Shelf Help | Comment

Nationalism then and now

Children carrying swords during a Ram Navami rally in Durgapur, Bardhaman district.  

Indian nationalism and Hindu nationalism are two different things. While the former is unconcerned with a person’s religious or cultural identity, the latter imagines the nation as an exclusive community of Hindus. From the time of Independence till now, this distinction has never been in doubt.

But today there is a move by flag-bearers of Hindu nationalism to equate it with Indian nationalism. What exactly is the provenance of these two nationalist ideologies? Who were their earliest proponents? What role did either play in India’s freedom struggle? These are some of the questions that author and dramatist Shamsul Islam dwells on in Hindu Nationalism and Rashtriya Swayamsevak Sangh, a fine primer on the history and dynamics of Hindu nationalism.

Islam cites extensively from the works of historians and thinkers who themselves are part of the Hindu nationalist canon, such as R.C. Majumdar and V.D. Savarkar, to interrogate many of its claims. For instance, he shows how Majumdar contradicts the Hindu nationalist claim of India being a ‘primordial nation’, given the historian’s observation that the idea of India “had no application to actual politics till the sixties or the seventies of the nineteenth century.”

Indian nationalism was born in opposition to British colonial oppression. Its most significant moment of resistance was the 1857 mutiny, in which Hindus and Muslims battled together against foreign rule. Islam cites Thomas Lowe, a British army commander, who observed that “the cow-killer and the cow-worshipper, the pig-hater and the pig-eater” fought together.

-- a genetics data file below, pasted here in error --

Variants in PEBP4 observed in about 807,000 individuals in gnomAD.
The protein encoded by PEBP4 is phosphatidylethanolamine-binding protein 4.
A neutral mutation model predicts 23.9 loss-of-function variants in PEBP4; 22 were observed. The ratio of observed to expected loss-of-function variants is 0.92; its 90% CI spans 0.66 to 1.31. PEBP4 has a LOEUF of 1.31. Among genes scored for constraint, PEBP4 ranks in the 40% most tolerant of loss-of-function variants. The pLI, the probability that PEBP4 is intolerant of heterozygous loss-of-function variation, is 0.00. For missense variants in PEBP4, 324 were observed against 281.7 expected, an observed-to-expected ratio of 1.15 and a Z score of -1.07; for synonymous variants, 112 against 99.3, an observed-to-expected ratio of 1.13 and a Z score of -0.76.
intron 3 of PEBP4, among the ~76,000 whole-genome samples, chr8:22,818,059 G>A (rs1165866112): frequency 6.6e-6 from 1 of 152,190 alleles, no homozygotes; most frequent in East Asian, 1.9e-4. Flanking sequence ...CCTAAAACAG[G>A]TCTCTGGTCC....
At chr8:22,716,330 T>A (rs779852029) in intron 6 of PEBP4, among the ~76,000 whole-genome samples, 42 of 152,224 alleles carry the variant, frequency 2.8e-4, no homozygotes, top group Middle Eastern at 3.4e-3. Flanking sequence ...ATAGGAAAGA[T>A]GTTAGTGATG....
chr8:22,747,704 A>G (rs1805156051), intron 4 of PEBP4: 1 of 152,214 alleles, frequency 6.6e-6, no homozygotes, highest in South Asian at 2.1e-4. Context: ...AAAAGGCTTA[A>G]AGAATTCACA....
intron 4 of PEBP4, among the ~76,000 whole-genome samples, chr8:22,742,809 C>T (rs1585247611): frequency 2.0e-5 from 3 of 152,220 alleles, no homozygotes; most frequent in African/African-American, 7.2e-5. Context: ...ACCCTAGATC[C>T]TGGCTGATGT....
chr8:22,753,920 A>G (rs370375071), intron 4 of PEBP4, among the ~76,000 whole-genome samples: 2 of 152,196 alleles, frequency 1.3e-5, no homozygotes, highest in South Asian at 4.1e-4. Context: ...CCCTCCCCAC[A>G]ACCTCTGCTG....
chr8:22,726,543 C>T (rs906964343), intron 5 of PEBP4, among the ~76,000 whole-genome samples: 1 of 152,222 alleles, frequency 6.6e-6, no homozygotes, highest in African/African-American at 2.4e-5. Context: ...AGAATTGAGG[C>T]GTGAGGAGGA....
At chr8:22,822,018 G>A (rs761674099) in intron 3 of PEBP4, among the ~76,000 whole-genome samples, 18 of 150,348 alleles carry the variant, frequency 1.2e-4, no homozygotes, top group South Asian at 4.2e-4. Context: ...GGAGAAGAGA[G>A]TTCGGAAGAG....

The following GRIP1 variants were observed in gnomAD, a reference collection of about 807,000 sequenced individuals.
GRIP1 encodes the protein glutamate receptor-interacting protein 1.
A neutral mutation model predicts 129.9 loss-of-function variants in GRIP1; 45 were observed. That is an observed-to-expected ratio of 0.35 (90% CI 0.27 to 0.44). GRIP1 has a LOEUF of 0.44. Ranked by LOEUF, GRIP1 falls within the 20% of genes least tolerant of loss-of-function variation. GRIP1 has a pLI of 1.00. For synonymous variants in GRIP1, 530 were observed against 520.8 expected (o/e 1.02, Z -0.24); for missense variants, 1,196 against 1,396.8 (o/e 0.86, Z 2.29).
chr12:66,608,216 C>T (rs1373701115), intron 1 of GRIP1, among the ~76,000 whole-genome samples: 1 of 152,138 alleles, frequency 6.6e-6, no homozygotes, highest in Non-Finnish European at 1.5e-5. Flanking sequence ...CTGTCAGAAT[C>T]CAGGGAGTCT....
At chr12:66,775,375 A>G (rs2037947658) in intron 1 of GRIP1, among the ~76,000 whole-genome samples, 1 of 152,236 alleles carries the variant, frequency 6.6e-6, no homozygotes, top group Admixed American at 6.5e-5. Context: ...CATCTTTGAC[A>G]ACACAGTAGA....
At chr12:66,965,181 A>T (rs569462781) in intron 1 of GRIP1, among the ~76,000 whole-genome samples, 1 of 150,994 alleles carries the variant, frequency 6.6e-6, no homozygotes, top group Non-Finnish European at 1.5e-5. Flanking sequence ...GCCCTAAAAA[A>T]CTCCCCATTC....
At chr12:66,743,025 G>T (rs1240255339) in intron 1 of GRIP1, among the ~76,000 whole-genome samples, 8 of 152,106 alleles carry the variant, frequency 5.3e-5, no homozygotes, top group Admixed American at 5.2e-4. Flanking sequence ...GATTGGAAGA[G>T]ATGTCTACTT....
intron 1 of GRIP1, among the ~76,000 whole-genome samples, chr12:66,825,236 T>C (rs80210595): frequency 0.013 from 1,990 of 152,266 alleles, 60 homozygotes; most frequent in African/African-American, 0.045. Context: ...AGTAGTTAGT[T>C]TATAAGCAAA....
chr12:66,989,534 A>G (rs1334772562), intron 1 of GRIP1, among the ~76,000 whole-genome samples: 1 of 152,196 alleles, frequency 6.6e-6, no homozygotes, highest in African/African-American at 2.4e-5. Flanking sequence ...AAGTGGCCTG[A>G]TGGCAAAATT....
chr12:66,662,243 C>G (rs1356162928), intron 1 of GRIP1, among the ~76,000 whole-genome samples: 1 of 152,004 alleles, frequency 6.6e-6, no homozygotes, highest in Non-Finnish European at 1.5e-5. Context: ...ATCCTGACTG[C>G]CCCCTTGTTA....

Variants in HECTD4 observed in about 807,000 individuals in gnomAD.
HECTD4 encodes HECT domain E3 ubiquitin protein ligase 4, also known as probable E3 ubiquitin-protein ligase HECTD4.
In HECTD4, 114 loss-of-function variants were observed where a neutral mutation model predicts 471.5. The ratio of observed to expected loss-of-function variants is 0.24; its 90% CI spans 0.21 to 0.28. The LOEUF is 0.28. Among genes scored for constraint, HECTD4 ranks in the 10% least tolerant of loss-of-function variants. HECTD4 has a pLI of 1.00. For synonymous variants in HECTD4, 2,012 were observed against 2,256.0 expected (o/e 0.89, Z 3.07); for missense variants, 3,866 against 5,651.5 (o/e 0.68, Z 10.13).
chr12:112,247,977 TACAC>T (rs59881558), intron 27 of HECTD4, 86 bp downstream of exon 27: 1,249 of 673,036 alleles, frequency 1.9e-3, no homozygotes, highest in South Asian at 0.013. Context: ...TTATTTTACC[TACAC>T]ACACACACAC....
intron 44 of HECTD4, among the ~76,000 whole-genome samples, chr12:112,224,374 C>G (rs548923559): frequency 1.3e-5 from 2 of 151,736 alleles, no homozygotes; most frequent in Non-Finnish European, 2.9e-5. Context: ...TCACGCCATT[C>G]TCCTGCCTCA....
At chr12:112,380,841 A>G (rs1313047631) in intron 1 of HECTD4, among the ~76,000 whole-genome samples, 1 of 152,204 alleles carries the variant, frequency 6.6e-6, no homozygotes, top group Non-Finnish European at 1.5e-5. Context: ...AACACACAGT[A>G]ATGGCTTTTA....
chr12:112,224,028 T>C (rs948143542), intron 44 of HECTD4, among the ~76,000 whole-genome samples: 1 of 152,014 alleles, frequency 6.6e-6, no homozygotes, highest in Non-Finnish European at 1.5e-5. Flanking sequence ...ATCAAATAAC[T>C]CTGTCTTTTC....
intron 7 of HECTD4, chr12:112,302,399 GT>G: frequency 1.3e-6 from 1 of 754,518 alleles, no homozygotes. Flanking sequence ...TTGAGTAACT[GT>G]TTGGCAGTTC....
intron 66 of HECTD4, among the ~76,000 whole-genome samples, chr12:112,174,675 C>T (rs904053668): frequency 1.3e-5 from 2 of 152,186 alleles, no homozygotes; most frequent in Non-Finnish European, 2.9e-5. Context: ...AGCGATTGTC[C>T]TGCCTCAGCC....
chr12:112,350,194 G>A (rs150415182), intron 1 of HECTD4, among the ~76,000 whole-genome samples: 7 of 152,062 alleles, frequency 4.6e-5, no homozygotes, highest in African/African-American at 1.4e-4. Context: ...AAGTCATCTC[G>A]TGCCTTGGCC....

But this nascent Indian nationalism that was composite in nature underwent a process of bifurcation in the “third quarter of the nineteenth century”, notes Islam. Two things played a role in this: a ‘divide and rule’ policy adopted by the British, and the bickering between the elites of the two communities “for securing a favourable place in the eyes of the victor”. Together they created a “scenario in which only competitive Hindu and Muslim varieties of nationalism could flourish.”

Islam’s book also raises interesting questions: If Indian civilisation is more than 3,500 years old, why is it that only a period of 500 years (the period of so-called Muslim rule) is closely scrutinised by Hindu nationalists? What about the period before?

It might be interesting to read Islam’s book alongside his primary sources: V.D. Savarkar’s The Indian War of Independence of 1857 and R.C. Majumdar’s Three Phases of India’s Struggle for Freedom.

Our code of editorial values

Related Topics
This article is closed for comments.
Please Email the Editor

Printable version | Jan 24, 2022 9:44:16 PM |

Next Story